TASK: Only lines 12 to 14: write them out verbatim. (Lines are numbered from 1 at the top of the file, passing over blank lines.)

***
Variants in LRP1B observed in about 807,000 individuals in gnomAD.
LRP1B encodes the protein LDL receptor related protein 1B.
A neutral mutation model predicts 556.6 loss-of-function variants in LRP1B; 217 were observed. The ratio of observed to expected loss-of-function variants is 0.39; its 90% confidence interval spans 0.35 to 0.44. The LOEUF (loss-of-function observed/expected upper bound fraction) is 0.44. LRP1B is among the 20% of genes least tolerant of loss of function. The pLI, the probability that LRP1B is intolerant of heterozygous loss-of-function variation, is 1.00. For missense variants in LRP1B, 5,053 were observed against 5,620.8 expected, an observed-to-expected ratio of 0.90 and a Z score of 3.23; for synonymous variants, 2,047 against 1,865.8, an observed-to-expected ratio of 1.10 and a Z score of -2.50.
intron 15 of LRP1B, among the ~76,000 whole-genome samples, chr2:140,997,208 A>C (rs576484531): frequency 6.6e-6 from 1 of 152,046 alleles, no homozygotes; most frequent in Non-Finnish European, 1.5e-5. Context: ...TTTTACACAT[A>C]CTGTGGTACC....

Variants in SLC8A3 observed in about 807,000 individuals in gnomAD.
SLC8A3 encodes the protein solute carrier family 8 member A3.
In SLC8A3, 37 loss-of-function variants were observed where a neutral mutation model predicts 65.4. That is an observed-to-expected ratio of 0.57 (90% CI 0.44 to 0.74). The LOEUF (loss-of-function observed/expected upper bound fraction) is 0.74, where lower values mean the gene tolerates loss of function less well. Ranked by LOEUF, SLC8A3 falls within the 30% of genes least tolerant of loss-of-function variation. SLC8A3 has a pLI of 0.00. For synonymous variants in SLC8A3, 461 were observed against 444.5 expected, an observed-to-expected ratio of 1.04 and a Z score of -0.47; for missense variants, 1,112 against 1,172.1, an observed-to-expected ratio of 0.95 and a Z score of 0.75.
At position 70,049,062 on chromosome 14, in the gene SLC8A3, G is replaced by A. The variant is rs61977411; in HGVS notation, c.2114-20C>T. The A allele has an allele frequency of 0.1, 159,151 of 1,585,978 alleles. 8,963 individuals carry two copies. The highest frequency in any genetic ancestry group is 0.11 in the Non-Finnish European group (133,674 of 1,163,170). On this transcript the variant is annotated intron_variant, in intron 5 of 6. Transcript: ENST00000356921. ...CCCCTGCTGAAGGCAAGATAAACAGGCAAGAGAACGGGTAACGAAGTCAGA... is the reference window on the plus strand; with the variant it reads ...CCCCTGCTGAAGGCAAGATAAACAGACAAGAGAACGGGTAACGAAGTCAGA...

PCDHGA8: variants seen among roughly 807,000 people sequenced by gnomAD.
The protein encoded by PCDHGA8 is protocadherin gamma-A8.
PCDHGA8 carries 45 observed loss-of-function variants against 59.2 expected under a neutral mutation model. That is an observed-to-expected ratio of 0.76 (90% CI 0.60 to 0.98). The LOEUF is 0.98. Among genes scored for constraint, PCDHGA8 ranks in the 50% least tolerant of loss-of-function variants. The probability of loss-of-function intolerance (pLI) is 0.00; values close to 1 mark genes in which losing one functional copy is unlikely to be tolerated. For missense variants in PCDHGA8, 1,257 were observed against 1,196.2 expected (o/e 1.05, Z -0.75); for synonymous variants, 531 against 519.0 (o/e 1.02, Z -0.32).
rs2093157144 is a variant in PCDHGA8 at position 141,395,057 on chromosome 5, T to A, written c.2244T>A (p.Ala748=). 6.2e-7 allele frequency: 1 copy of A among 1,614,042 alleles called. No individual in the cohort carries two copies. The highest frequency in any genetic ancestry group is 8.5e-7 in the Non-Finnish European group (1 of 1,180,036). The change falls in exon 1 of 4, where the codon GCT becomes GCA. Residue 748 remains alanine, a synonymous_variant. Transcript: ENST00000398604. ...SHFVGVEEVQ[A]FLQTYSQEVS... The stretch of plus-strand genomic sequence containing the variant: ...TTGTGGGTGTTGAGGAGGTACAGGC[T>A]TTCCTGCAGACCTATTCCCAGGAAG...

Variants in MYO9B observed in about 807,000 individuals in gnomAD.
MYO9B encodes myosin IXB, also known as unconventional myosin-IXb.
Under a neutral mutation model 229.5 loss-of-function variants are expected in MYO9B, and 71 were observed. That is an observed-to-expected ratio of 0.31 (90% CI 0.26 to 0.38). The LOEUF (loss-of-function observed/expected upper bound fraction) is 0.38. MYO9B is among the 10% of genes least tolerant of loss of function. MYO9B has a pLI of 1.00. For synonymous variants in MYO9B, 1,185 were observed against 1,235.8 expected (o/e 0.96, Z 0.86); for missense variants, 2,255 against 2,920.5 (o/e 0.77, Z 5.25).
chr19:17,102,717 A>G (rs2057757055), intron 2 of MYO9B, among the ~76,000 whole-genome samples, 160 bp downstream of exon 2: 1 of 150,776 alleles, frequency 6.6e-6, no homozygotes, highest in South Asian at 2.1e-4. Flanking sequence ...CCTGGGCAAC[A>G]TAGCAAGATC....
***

rs2093157144 is a variant in PCDHGA8 at position 141,395,057 on chromosome 5, T to A, written c.2244T>A (p.Ala748=). 6.2e-7 allele frequency: 1 copy of A among 1,614,042 alleles called. No individual in the cohort carries two copies. The highest frequency in any genetic ancestry group is 8.5e-7 in the Non-Finnish European group (1 of 1,180,036). The change falls in exon 1 of 4, where the codon GCT becomes GCA. Residue 748 remains alanine, a synonymous_variant. Transcript: ENST00000398604. ...SHFVGVEEVQ[A]FLQTYSQEVS... The stretch of plus-strand genomic sequence containing the variant: ...TTGTGGGTGTTGAGGAGGTACAGGC[T>A]TTCCTGCAGACCTATTCCCAGGAAG...

Variants in MYO9B observed in about 807,000 individuals in gnomAD.
MYO9B encodes myosin IXB, also known as unconventional myosin-IXb.